For the deserving poor of Padstow

THE CONVOLUTED COAST of Cornwall is dotted with picturesque little ports. One of these is Padstow, which has become well-known because it contains restaurants and other food-related establishments connected with the TV celebrity chef Rick Stein. It is also famous for its centuries’ old annual Oss celebrations held on May Day.

While walking around the streets of the tiny town of Padstow, I came across a disused cinema, which bears a commemorative plaque. Opened in 1924 as the Cinedrome, this became the Capitol cinema. It closed in 1996. However, another relic of the past is still in use around the corner in Middle Street. I am referring to the Padstow Almshouses. This is a small two-winged complex of brick-built houses with some Victorian gothic features.

The main entrance to the complex is surmounted by a granite block carved with the following: “1875 Almshouses”. A plaque located on one of the two facades of the complex informs the viewer that these almshouses were financed by subscriptions raised by friends of John Tredwin to remember him. John Tredwin, who was born in 1818 in Padstow, died at St Columb in Cornwall in 1870. Tredwin, who was a timber merchant and shipbuilder, was involved in the construction of various public works in Padstow. He was also enrolled in the 1st Cornwall Artillery Volunteer Corps, and by 1861 he had become a Captain.  The 1851 Census revealed that by then he and his family were living in St Columb.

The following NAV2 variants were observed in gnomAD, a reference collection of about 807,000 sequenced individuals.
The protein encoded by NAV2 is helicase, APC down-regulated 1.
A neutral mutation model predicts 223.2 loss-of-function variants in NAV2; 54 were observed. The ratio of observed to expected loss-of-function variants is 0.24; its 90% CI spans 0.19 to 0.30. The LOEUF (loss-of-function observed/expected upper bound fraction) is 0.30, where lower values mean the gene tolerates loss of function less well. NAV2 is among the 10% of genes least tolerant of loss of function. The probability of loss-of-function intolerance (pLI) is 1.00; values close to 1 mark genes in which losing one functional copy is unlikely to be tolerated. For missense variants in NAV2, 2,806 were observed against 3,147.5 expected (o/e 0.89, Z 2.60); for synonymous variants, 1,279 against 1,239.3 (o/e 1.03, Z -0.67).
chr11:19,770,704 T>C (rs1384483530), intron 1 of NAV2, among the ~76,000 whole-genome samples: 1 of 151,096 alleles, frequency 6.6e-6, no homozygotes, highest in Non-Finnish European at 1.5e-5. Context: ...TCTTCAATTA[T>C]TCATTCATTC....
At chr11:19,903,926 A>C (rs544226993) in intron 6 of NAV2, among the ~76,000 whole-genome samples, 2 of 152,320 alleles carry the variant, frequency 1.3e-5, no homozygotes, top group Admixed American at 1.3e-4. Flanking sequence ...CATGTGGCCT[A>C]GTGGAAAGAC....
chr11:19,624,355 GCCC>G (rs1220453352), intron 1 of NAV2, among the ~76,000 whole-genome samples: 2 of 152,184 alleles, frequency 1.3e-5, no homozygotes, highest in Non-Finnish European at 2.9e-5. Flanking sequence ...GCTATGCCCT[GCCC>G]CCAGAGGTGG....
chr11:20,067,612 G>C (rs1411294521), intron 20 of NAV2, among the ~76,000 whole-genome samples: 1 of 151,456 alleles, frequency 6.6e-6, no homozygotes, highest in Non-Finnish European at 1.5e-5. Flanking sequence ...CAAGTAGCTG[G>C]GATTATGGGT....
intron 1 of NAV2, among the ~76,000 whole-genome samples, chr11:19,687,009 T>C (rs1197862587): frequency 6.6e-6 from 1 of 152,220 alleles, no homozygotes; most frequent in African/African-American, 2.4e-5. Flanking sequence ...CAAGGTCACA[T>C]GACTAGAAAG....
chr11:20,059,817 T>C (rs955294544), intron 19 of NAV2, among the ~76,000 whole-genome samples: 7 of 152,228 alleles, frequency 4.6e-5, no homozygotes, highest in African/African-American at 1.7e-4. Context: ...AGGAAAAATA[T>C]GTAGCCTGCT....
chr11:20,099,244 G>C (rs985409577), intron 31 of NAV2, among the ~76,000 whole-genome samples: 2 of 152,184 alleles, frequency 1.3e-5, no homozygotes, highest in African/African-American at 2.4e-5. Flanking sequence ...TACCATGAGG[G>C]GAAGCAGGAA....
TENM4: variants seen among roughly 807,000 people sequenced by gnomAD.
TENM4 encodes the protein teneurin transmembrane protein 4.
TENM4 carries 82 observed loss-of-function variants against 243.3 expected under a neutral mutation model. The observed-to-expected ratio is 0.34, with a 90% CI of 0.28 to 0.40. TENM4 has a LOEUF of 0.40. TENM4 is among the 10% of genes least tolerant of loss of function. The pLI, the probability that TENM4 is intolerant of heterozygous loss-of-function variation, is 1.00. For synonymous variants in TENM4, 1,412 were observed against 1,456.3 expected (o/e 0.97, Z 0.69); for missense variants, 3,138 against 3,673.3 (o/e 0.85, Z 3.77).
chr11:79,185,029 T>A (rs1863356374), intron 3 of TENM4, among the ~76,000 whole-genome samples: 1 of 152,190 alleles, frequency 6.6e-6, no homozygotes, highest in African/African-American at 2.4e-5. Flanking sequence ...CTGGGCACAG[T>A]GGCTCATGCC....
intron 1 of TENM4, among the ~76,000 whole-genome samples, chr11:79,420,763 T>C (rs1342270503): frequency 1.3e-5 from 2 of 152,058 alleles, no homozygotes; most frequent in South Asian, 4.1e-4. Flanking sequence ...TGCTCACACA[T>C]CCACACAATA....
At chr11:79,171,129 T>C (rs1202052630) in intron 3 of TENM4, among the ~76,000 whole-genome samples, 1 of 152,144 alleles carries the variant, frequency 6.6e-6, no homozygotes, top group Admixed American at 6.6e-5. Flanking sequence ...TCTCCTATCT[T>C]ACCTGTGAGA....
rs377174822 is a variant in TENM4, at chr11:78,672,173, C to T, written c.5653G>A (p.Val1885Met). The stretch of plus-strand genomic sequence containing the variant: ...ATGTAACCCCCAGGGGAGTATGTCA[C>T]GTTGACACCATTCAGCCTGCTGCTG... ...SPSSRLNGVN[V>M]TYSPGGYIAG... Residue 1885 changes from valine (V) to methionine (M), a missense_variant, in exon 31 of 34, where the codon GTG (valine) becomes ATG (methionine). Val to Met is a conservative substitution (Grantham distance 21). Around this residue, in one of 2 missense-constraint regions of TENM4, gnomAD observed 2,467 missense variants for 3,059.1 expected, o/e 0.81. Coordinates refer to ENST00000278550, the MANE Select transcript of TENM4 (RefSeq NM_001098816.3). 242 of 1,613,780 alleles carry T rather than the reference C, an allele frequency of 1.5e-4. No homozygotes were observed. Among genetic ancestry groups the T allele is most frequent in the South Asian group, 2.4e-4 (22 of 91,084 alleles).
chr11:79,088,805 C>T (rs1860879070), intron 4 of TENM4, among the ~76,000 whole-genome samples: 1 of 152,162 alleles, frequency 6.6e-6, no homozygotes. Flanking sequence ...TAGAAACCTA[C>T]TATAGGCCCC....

John Tredwin was mentioned in a book, “The Cornish Overseas. A history of Cornwall’s ‘Great Emigration’” by Philip Payton:

“The ‘John & Mary’, owned by the Padstow shipbuilder John Tredwin, was engaged in the classic export of immigrants and import of timber that made the Atlantic trade so lucrative in North Cornwall …”

Since the days of the likes of John Tredwin, Padstow has become a relatively insignificant port. Instead, it has become a popular destination for tourists. Although it is undoubtedly an attractive little place, it is outrivalled in charm by other Cornish ports such as Polperro, St Ives, Mousehole, Port St Isaacs, Fowey, and Falmouth. Padstow deserves a visit, but not a long one.

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